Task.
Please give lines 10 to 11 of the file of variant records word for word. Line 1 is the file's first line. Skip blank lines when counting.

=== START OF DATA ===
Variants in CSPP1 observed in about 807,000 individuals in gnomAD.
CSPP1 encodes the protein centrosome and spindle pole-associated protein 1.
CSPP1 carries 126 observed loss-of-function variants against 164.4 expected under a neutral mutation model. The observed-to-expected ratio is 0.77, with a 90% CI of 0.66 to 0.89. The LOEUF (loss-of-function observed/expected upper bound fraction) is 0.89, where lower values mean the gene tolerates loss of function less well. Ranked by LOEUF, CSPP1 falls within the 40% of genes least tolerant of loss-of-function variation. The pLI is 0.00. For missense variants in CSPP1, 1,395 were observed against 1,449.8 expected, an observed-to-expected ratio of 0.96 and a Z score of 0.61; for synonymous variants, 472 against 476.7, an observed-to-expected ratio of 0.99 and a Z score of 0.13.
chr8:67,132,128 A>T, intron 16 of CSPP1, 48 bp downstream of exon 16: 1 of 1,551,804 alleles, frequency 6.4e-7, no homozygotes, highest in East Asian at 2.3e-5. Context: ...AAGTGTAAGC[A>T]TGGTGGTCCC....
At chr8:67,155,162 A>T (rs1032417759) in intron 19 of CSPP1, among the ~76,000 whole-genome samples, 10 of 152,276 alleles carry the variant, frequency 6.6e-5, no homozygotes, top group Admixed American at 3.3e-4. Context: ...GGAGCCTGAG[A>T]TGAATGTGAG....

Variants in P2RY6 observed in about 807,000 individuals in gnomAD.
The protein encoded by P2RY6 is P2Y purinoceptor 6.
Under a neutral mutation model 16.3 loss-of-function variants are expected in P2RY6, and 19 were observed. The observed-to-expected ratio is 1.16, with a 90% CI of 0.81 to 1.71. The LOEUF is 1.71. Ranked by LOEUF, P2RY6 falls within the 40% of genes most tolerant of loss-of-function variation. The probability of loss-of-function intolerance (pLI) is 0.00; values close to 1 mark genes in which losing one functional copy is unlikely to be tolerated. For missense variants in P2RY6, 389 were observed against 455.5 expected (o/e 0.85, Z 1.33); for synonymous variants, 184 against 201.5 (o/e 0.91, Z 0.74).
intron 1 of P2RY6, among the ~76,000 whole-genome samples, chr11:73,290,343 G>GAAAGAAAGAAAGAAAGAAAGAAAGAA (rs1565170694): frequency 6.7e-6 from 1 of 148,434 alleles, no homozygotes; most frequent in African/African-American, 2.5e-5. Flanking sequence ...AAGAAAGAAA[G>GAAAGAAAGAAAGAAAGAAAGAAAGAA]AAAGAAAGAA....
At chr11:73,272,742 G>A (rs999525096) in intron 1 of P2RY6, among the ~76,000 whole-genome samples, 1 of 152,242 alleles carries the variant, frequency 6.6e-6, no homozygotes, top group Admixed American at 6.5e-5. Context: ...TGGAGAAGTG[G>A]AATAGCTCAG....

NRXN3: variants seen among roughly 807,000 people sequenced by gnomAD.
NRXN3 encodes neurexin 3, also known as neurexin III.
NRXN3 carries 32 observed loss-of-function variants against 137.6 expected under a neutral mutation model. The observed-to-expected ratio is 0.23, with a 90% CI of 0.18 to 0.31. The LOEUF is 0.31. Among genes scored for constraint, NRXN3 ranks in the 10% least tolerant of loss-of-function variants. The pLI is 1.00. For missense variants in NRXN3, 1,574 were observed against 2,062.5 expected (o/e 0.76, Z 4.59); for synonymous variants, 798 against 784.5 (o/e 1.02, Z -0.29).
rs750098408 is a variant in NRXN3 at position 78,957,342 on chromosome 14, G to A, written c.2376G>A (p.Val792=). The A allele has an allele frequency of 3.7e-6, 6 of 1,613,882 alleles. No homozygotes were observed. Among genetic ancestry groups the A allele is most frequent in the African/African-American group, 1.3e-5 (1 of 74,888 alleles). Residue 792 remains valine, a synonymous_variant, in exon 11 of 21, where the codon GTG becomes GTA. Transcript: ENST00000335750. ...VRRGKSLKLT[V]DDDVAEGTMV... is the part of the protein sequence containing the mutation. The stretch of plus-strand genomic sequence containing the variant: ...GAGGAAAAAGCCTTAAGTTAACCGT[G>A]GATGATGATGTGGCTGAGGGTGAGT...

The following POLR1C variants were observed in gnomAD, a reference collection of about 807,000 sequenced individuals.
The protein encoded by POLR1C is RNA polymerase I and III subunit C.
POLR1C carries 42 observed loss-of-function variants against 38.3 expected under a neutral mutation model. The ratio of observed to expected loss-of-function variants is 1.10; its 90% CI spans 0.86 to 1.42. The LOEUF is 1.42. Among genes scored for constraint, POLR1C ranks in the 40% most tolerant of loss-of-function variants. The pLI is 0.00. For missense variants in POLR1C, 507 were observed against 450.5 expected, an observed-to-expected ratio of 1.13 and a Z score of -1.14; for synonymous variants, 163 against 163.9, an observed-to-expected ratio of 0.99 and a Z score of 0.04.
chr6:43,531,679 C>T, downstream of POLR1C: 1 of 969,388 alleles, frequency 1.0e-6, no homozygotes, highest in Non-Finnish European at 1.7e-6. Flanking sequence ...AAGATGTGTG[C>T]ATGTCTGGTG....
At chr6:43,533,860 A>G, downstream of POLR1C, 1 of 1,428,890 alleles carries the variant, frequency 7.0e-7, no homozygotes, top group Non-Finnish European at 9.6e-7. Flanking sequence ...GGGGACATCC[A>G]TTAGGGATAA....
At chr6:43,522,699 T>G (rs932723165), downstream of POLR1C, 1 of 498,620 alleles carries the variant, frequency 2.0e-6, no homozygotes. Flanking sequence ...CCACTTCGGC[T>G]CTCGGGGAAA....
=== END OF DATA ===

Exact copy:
At chr11:73,272,742 G>A (rs999525096) in intron 1 of P2RY6, among the ~76,000 whole-genome samples, 1 of 152,242 alleles carries the variant, frequency 6.6e-6, no homozygotes, top group Admixed American at 6.5e-5. Context: ...TGGAGAAGTG[G>A]AATAGCTCAG....

NRXN3: variants seen among roughly 807,000 people sequenced by gnomAD.